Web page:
Deforestation in the Amazon rainforest has reached a 12-year high according to scientists, which is sobering news in the battle against climate change.
Brazil's space agency INPE (the National Institute for Space Research) led the report, which stated that a total of 11,088 sq km (4,281 sq miles) of rainforest were destroyed from August 2019 to July 2020. This is a 9.5 percent increase from the previous year.
Scientists have pointed to the presidency of Jair Bolsonaro as a reason for the increased rate of deforestation.
The leader, who came to power in January 2019, has failed to give the rainforest the protections of previous administrations, instead encouraging agricultural and mining activities in the area.
In a statement, Brazilian non-governmental organisation Climate Observatory said the figures "reflect the result of a successful initiative to annihilate the capacity of the Brazilian State and the inspection bodies to take care of our forests and fight crime in the Amazon."
Bolsonaro is unlikely to be happy with the report, given that in the past he has accused INPE of smearing Brazil's reputation.
He may also point to quotes from his Vice-President, Hamilton Mourão, who pointed out that the rate of increase was smaller than that between 2018 and 2019.
In 2018 7,536 sq km of deforestation took place in the Amazon rainforest, the last year before the current administration took charge. This year's figure of over 11,000 means that a previous target set to reduce deforestation to just 3,900 sq km by 2020 will be missed.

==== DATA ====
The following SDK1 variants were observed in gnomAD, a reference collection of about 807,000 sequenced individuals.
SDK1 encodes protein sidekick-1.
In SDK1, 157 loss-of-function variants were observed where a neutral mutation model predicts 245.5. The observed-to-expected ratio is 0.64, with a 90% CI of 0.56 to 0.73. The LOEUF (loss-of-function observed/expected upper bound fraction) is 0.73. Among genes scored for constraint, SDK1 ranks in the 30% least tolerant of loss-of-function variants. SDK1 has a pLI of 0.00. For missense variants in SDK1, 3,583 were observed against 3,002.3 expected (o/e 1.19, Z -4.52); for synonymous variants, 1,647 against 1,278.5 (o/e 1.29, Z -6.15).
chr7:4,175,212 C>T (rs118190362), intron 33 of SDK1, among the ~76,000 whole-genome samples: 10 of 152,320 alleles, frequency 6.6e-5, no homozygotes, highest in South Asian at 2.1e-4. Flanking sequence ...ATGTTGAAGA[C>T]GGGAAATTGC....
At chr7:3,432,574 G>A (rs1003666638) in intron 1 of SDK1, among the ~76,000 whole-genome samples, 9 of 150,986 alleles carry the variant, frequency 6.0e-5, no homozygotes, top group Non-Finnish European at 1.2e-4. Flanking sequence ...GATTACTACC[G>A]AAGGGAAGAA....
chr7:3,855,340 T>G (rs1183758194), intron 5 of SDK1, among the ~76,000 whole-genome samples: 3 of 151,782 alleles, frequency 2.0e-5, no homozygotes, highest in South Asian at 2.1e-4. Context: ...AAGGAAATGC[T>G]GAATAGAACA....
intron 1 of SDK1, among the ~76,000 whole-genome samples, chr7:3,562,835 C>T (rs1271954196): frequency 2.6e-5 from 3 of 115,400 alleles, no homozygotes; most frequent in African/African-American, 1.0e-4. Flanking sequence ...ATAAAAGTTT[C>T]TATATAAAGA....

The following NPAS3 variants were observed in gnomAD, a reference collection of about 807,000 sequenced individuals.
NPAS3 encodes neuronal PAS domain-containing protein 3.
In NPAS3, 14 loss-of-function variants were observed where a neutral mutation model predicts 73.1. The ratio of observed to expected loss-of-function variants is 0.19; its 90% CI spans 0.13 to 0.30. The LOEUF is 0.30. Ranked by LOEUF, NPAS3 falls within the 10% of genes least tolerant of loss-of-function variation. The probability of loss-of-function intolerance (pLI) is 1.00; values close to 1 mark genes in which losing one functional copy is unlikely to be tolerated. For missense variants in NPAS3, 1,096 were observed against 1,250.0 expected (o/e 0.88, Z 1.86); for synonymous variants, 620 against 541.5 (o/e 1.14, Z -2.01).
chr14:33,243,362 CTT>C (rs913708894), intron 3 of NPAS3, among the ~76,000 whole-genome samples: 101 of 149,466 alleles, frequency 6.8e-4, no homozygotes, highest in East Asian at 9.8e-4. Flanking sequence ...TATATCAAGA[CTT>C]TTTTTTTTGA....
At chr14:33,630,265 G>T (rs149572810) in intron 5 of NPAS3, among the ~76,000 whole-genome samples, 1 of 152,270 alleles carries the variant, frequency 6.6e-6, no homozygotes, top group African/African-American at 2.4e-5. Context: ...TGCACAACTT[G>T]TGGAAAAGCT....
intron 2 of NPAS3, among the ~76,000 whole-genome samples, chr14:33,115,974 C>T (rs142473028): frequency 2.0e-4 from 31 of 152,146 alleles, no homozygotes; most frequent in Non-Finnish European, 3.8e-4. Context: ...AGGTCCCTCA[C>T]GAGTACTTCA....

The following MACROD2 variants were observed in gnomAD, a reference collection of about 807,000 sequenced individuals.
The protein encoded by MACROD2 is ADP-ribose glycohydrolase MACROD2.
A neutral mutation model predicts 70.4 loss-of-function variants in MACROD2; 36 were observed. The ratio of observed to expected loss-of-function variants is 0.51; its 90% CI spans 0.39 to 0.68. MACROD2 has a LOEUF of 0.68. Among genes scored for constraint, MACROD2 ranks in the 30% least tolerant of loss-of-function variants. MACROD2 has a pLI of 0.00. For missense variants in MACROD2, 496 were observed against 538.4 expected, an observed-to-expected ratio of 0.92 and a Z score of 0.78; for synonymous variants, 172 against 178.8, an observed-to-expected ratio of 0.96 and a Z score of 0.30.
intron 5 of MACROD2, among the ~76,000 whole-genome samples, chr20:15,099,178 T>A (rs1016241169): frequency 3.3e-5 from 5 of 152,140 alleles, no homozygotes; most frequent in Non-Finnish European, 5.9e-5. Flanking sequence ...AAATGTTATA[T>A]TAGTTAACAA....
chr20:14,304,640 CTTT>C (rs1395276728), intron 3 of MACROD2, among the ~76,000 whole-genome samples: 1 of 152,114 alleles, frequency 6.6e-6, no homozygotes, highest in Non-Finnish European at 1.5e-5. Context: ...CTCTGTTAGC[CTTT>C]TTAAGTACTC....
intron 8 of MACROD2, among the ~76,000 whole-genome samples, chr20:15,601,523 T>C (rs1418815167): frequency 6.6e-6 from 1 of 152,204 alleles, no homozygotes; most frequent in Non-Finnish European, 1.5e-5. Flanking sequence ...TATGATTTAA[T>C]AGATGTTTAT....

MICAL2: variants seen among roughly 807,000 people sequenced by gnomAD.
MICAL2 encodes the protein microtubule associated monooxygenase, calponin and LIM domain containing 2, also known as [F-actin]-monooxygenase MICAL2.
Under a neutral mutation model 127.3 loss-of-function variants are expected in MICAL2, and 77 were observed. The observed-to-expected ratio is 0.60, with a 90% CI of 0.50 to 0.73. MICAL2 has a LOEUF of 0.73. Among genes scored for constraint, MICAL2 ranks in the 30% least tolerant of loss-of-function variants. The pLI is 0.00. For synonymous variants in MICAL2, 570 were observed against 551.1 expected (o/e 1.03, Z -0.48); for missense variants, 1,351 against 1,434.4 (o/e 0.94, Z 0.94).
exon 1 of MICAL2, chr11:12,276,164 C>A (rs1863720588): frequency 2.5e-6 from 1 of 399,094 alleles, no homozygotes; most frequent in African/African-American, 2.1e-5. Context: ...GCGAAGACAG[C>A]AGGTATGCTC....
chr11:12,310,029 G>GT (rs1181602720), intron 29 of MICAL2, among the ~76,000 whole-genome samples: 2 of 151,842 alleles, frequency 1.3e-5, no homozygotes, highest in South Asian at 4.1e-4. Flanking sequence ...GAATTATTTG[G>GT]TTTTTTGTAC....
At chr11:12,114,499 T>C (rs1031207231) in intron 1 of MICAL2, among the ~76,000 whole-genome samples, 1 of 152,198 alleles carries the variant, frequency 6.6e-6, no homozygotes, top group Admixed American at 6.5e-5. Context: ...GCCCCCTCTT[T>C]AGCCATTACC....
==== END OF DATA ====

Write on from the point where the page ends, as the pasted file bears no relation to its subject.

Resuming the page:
However, Mourão said: "While we are not here to celebrate this, it does signify that the efforts we are making are beginning to bear fruit."
The Amazon rainforest is important not just to Brazil but also the world.
As the largest rainforest in the world, it provides a wide and varied set of ecosystems for a myriad of species, with some three million types of plants and animals calling it home, as well as one million indigenous people.
It also provides a huge source of CO2 absorption and oxygen output. Its continuing devastation has truly global ramifications.
However, Bolsonaro has paid little heed to scientific warnings and has cut funding to federal agencies that have the power to fine and arrest farmers and loggers who are breaking environmental law, in addition to increasing activities in the region.
Previously it was said that an area the size of a football field was cleared every minute, with space being made for Brazil's big exports, cattle grazing and soya cultivation.
Given the turbulence the Amazon rainforest has had to face this year, it's no surprise that it also suffered from its biggest forest fires in a decade.
With the current leadership elected on a promise of development, it's hard to see its fate changing anytime soon.
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